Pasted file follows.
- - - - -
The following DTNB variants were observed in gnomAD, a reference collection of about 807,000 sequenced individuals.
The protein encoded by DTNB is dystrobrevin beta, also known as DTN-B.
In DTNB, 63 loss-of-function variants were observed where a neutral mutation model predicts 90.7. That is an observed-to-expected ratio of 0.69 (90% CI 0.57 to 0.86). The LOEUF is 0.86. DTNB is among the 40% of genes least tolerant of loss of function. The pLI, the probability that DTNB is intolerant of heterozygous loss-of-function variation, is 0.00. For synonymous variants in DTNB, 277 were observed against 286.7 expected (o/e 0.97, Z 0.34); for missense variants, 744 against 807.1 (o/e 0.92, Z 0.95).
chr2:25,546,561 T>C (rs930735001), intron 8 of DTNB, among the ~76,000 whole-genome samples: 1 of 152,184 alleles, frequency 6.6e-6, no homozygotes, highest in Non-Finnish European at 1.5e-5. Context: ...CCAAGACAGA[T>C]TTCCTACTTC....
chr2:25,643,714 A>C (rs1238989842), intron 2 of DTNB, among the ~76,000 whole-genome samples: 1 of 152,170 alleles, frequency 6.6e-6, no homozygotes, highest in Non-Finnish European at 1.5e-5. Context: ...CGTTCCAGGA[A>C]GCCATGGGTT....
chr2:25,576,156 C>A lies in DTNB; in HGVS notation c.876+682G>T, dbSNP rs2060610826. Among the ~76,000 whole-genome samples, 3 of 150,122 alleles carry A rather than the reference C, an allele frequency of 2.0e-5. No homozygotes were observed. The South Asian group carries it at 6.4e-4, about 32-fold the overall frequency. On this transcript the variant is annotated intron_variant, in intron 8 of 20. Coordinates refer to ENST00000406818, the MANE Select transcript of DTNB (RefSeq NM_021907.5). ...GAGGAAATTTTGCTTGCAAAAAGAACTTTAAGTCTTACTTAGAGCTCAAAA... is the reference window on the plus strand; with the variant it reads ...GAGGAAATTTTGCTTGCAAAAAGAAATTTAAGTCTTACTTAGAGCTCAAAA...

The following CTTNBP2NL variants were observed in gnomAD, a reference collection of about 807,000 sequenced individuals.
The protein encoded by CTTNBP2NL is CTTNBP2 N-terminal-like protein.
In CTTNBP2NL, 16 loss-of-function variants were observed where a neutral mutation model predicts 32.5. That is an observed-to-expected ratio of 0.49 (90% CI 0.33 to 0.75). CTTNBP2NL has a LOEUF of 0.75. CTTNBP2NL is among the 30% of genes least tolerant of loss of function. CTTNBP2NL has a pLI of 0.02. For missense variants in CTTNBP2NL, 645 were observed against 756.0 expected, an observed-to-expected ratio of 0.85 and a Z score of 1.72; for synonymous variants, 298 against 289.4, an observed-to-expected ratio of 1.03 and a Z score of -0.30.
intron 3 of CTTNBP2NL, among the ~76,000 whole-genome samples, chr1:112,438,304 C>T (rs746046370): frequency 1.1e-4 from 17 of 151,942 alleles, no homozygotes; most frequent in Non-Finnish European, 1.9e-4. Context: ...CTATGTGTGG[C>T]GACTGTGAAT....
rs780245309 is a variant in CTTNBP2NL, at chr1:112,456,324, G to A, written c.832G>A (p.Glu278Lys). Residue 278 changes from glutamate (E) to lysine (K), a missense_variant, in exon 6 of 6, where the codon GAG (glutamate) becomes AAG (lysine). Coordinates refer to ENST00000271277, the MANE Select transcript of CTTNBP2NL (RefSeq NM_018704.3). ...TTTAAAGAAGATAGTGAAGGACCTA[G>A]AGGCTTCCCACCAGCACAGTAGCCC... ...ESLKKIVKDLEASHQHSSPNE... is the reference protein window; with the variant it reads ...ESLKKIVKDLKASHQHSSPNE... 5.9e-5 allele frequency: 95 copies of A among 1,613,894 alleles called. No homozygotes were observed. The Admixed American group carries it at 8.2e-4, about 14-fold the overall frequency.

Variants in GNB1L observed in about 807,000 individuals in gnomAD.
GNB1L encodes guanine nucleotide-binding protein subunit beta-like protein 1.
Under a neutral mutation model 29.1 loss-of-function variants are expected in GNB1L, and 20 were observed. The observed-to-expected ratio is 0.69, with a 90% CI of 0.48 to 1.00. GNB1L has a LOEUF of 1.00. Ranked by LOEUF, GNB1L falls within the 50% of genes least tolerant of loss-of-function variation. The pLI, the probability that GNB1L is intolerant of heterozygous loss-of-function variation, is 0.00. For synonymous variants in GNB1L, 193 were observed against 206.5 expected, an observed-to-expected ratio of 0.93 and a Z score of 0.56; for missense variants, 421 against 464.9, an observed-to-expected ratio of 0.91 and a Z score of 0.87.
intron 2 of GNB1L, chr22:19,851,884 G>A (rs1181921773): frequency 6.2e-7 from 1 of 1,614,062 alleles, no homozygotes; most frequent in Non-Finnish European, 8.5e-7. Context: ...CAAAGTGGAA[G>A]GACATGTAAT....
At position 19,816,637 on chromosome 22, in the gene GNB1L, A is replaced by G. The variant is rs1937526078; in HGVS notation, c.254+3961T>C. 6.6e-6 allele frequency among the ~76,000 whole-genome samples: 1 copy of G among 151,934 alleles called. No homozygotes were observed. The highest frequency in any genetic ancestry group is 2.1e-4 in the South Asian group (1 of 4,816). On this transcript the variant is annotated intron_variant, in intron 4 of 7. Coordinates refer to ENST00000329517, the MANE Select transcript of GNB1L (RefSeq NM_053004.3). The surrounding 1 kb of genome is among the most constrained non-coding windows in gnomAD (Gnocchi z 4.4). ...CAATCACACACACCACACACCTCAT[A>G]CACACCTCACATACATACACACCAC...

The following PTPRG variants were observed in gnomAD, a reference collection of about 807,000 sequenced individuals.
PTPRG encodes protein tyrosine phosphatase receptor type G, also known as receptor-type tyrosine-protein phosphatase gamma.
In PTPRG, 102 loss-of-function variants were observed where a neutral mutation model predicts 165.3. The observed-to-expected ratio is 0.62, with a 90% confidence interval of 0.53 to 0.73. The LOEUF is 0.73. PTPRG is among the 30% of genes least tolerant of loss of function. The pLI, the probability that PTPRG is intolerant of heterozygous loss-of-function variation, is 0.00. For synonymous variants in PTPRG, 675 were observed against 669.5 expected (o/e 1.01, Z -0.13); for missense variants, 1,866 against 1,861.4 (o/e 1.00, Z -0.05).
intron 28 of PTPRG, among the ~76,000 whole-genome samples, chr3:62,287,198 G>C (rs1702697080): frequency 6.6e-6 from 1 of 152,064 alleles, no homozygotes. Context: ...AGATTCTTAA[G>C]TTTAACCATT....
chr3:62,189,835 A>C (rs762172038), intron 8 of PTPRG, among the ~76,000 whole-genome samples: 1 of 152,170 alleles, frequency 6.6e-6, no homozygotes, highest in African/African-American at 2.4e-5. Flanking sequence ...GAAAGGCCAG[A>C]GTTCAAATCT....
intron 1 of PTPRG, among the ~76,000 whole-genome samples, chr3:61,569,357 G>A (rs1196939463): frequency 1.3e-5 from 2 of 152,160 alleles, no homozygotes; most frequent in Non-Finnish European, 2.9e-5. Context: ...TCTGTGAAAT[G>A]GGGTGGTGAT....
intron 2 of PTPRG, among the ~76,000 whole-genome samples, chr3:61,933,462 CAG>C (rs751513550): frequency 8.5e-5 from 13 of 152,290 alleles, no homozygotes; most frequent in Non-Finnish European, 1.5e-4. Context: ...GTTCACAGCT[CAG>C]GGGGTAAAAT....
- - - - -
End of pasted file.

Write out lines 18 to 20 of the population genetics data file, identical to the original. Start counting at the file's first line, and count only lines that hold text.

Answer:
PTPRG encodes protein tyrosine phosphatase receptor type G, also known as receptor-type tyrosine-protein phosphatase gamma.
In PTPRG, 102 loss-of-function variants were observed where a neutral mutation model predicts 165.3. The observed-to-expected ratio is 0.62, with a 90% confidence interval of 0.53 to 0.73. The LOEUF is 0.73. PTPRG is among the 30% of genes least tolerant of loss of function. The pLI, the probability that PTPRG is intolerant of heterozygous loss-of-function variation, is 0.00. For synonymous variants in PTPRG, 675 were observed against 669.5 expected (o/e 1.01, Z -0.13); for missense variants, 1,866 against 1,861.4 (o/e 1.00, Z -0.05).
intron 28 of PTPRG, among the ~76,000 whole-genome samples, chr3:62,287,198 G>C (rs1702697080): frequency 6.6e-6 from 1 of 152,064 alleles, no homozygotes. Context: ...AGATTCTTAA[G>C]TTTAACCATT....